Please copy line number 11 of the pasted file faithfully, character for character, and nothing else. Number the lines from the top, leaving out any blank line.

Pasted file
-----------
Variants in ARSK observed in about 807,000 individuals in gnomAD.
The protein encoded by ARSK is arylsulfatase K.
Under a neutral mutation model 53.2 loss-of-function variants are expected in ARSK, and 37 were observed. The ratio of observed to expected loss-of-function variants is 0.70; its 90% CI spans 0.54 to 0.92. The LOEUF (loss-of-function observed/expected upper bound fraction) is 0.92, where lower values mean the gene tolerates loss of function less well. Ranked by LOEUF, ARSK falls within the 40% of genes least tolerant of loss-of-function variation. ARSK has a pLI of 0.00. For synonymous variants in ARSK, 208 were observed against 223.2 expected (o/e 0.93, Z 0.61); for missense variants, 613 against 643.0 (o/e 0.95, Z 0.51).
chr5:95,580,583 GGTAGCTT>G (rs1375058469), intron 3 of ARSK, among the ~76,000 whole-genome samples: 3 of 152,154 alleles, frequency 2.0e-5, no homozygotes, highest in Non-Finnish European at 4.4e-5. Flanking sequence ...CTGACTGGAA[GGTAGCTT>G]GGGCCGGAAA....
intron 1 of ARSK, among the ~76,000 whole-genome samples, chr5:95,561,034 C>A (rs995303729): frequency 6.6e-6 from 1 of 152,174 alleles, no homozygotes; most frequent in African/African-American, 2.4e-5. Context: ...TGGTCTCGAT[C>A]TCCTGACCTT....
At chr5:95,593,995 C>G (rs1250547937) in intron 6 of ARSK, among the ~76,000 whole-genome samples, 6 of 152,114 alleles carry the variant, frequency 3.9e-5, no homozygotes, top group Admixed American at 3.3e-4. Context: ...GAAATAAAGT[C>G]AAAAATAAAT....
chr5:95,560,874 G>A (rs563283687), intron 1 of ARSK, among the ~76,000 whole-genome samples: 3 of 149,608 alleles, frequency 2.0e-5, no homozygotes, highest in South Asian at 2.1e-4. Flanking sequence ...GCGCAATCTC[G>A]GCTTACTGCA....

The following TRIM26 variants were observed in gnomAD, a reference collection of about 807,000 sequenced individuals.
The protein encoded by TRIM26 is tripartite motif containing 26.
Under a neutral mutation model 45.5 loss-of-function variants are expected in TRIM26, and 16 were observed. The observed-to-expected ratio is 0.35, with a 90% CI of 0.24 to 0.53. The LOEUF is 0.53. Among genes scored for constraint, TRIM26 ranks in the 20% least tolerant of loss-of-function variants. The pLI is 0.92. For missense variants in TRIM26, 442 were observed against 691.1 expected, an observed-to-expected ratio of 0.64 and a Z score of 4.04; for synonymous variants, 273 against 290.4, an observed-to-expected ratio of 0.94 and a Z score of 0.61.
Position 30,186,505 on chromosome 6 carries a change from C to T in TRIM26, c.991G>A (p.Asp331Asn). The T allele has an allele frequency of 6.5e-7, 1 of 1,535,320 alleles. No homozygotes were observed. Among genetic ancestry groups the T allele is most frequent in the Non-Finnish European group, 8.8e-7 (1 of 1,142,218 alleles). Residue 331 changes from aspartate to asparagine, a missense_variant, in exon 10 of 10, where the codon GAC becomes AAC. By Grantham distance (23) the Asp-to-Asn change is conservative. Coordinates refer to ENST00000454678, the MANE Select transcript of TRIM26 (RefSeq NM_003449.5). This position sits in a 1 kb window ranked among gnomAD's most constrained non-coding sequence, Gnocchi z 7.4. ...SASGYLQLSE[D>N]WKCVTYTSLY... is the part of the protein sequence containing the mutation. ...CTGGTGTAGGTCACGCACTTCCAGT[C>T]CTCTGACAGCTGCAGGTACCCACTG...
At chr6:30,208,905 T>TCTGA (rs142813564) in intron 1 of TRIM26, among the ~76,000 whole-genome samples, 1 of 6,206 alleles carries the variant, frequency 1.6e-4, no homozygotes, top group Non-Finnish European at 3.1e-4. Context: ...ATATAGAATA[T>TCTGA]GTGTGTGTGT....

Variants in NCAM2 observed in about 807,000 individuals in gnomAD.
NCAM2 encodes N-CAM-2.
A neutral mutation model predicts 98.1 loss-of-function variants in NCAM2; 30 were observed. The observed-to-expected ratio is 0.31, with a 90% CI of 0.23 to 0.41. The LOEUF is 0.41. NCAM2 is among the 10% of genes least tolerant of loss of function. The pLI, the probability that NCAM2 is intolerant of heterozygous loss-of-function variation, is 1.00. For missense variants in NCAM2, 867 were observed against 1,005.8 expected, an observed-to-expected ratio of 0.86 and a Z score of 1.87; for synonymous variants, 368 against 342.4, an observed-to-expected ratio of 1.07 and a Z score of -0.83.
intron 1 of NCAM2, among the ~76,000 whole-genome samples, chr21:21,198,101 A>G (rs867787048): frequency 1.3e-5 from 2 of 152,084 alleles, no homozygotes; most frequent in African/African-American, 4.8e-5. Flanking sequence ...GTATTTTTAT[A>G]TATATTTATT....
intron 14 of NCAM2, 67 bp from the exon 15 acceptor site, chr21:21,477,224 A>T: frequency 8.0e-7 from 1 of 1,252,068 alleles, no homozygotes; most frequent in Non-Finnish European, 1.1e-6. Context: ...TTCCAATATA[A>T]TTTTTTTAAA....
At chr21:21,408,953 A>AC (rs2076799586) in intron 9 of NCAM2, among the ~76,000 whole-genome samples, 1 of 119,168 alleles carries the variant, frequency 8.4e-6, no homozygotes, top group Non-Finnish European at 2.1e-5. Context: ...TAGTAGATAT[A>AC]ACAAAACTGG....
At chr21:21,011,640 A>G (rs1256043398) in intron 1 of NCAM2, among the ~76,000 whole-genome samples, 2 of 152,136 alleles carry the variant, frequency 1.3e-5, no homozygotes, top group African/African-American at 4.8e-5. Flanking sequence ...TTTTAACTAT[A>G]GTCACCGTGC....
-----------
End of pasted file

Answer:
Position 30,186,505 on chromosome 6 carries a change from C to T in TRIM26, c.991G>A (p.Asp331Asn). The T allele has an allele frequency of 6.5e-7, 1 of 1,535,320 alleles. No homozygotes were observed. Among genetic ancestry groups the T allele is most frequent in the Non-Finnish European group, 8.8e-7 (1 of 1,142,218 alleles). Residue 331 changes from aspartate to asparagine, a missense_variant, in exon 10 of 10, where the codon GAC becomes AAC. By Grantham distance (23) the Asp-to-Asn change is conservative. Coordinates refer to ENST00000454678, the MANE Select transcript of TRIM26 (RefSeq NM_003449.5). This position sits in a 1 kb window ranked among gnomAD's most constrained non-coding sequence, Gnocchi z 7.4. ...SASGYLQLSE[D>N]WKCVTYTSLY... is the part of the protein sequence containing the mutation. ...CTGGTGTAGGTCACGCACTTCCAGT[C>T]CTCTGACAGCTGCAGGTACCCACTG...